Are you ready to add three good books to your reading list? Well, these aren’t really that new so you’ve probably already read them but let me tell you about why I liked these books.
Baker Towers by Jennifer Haigh is the story of a small coal mining town. It’s citizens make up the neighborhoods of Little Italy, Swedentown and Polish Hill. One family, the Novak’s, will be a witness to the changes in landscape and atmosphere as they raise their five children during the 1940s.
This story really captivated me with the setting. I especially loved reading about how the women in were going out to work, perhaps the first in the families who sought work outside of the home. They experienced a freedom they didn’t have before but I thought there was also a loneliness there that I don’t think many were prepared for as they had never been away from home.
To me this book seemed like the perfect snapshot of an era. I have a couple of other books by this author and I think I will be in for a treat.
Source: Personal copy
The Weight of Heaven by Thrity Umrigar is an emotionally charged book. The main characters Frank and Ellie have lost their only child and now their relationship is in crisis. When Frank is offered a job in India the couple feel this might be the way to find their way back to what they had.
In India, Ellie seems to thrive and gets on well in her new home. Frank is finding that business conduct is different from what he was accustomed to and for him life in his new home is a bit more challenging. But the bright spot in his life is the child of the the couple who work in their home. Ramesh is a bright boy and Frank sees so much potential in him if only he could have a life like what any boy in the States could have.
As Frank gets closer to Ramesh, Ellie starts to resent this and not only that but Frank is not making friends of Ramesh’s dad. The boy’s father feels the American is very intrusive and only makes him look bad. The situation gets more tense and a point of not return is reached for the families. I was so upset with Frank for not seeing clearly how his behavior was out of line.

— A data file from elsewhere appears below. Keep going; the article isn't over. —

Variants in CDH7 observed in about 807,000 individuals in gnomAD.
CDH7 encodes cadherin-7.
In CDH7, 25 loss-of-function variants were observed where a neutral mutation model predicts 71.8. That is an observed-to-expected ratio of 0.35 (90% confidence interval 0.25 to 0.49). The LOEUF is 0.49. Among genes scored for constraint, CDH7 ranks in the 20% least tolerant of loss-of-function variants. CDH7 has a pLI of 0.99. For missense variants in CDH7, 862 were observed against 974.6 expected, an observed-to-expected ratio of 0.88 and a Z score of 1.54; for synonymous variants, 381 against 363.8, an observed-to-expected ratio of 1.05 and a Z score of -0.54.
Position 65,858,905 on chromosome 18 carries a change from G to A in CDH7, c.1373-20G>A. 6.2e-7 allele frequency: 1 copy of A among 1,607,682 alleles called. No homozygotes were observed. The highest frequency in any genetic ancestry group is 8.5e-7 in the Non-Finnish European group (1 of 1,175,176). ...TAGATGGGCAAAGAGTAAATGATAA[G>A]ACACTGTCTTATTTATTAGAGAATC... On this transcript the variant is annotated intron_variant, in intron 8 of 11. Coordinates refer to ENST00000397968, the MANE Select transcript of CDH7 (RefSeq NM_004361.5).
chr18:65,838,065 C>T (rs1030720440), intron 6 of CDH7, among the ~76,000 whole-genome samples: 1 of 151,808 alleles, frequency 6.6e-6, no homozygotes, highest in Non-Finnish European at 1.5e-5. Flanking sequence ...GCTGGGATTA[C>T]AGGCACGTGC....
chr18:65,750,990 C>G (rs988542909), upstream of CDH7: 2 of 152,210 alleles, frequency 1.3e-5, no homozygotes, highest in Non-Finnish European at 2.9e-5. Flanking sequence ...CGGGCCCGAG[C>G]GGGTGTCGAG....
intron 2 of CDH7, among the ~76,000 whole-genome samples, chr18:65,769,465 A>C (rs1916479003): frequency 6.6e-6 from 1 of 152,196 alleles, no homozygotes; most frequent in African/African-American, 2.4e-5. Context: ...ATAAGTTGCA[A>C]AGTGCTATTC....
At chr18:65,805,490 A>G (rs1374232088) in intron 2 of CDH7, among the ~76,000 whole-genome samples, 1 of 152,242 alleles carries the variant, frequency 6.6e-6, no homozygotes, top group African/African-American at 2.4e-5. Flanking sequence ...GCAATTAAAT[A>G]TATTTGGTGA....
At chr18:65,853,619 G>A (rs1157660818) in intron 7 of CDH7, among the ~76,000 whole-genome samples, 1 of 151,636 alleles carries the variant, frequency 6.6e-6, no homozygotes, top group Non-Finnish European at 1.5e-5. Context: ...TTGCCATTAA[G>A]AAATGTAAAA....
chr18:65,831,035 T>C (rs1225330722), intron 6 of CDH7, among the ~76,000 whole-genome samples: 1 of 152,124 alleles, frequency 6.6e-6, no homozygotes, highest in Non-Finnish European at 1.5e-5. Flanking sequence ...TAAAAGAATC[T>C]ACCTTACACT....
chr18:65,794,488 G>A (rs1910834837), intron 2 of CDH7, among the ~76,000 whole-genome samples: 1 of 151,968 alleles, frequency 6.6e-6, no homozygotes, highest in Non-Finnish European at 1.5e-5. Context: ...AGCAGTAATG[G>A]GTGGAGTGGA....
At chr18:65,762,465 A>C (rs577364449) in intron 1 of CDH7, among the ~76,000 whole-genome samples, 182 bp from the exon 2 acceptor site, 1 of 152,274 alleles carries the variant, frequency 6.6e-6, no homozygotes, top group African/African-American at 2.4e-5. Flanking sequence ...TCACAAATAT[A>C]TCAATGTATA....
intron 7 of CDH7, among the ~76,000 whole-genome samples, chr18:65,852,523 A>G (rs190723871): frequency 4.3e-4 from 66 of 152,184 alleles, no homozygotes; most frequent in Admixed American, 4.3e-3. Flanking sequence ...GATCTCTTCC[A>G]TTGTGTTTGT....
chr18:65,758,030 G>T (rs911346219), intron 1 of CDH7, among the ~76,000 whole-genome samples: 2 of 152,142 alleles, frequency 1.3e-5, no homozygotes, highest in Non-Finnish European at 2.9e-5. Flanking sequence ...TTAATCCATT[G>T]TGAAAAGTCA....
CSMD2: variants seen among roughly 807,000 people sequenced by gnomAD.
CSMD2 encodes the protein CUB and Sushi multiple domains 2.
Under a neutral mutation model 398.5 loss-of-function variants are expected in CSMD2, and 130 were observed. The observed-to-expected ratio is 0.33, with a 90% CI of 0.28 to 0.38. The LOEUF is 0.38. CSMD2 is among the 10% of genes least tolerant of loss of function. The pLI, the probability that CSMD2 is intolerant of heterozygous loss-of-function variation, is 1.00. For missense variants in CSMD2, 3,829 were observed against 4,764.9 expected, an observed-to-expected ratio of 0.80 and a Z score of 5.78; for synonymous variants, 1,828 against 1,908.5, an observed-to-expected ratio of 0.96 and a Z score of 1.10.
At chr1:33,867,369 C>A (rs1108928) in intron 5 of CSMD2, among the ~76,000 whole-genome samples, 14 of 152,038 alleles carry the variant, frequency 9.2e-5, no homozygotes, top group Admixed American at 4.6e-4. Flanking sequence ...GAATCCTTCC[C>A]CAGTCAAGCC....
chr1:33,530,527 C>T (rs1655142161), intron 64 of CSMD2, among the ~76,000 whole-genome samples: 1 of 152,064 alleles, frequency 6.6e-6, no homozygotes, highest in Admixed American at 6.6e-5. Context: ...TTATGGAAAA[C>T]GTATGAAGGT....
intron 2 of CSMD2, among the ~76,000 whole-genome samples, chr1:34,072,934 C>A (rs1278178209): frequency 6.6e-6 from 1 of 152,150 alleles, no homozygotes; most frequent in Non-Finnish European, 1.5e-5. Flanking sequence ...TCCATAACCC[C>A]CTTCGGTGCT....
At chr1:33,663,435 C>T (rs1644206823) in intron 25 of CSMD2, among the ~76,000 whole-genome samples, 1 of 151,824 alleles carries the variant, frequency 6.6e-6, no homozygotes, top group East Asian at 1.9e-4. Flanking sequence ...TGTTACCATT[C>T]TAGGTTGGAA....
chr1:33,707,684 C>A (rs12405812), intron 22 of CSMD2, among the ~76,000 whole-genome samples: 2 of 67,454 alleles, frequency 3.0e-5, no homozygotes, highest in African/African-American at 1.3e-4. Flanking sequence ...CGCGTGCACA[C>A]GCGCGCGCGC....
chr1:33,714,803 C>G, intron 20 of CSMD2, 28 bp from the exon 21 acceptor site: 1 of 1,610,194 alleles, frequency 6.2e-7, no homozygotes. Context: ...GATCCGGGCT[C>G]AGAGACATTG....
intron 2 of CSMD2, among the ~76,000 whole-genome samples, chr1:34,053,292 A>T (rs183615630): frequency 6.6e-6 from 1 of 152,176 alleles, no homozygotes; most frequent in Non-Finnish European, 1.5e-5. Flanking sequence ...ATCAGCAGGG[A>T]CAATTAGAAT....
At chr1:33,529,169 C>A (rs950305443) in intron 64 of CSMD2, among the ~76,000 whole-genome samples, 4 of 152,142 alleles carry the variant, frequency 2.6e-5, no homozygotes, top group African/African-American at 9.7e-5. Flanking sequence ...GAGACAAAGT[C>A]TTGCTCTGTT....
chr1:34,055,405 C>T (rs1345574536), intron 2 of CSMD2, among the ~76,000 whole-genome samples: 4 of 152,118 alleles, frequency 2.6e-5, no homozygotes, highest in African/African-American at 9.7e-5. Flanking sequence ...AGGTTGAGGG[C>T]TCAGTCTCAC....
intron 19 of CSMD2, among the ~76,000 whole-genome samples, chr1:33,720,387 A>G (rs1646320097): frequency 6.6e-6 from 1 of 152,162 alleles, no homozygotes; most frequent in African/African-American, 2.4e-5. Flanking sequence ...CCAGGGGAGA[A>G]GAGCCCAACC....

I think this would be a wonderful book for discussion. I didn’t particularly like the ending so that’s probably the only reason why this book is not one of my favorites of the year but still an engaging read.
Source: Personal copy
The House At Riverton by Kate Morton is the story of an Aristocratic family in England during the Interwar years. There are secrets, violence and through it all the all-knowing house staff who pledge to be there for the family.
Grace is the 98-year old narrator of the story. A director has approached her to film the story of Riverton and it’s inhabitants and through flashbacks she relates how she first arrived at Riverton as a maid.
At the center are two sisters, Hannah and Emmline, whom Grace watched as they grew up. In particular she feels a connection with Hannah and that connection will lead her to make some drastic choices in her personal life.
While the story of the sisters was interesting I loved reading about the house staff. How loyal they were to the family. So loyal that when one of the staff members goes to war and comes back with different views on the way things are, I thought you could really tell how the rest of the staff loved him but were disappointed by him. Maybe even a bit alarmed by him and his notions.
There were some unanswered questions for me in the end, but I still enjoyed this book a lot and look forward to reading another of her books.
There, done with three mini reviews. I still want to tell you about two other fantastic books I’ve recently read so hopefully I’ll get those done before the end of the year. So have you read these? What did you think?